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Natasha Neihart, Fargo, Published May 28 2013

Letter: Place controls on school debt

Considering the closing or repurposing of any of the core schools is a sign that the Fargo School Board has accumulated too much debt. The 2012-13 school budget suggests that debts may be as high as $84 million!

Small neighborhood schools have shown to be better for children’s attendance and achievement scores. They encourage better physical fitness when the schools are within walking and/or biking distances. Core homes and neighborhoods can maintain their vitality and retain their property values when their local schools remain open.

Our existing core schools built with rot- and insect-resistant old-growth woods and high-quality workmanship should be sustainable for centuries. Suburban schools like Centennial, built in 1989, have life expectancies of only 25 to 50 years; when they exceed 25 years, they begin to show significant structural decay.

When interest payments interfere with the school district’s ability to provide for routine maintenance, then the problem does not lie with the core schools. The problem lies with the school board’s willingness to make short-term cash flow gains at the expense of the inner city’s health and to borrow more money at taxpayers’ expense in order to satisfy their appetite for new, expensive schools.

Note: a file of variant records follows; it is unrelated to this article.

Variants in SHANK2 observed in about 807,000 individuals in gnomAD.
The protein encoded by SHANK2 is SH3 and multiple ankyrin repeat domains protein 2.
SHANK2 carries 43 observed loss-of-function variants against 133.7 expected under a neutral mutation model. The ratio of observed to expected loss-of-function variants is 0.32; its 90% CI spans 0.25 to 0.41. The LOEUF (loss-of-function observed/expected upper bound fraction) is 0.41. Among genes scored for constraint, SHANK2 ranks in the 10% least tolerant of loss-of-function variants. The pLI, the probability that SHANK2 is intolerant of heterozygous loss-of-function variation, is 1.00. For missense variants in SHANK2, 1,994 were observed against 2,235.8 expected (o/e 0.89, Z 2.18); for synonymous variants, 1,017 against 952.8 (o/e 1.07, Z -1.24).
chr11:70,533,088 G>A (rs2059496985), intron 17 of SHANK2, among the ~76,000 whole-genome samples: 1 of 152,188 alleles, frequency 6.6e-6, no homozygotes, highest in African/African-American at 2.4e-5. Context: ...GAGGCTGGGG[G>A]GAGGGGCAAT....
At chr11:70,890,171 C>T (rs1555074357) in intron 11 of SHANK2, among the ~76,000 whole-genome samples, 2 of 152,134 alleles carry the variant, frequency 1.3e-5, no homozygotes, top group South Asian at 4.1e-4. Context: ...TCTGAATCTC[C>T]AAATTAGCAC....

There are many creative solutions to student capacity issues: paired schools, flexible school hours, magnet school programs, etc. If new schools are necessary, building smaller neighborhood schools in the high-growth areas of Fargo are easier on budgets when compared to building megawarehouse schools that compromise learning.

Demographics of our students will continue to rise and fall in the future. Small core schools are part of the solution, not the problem.

Neihart lives in Fargo’s Hawthorne neighborhood.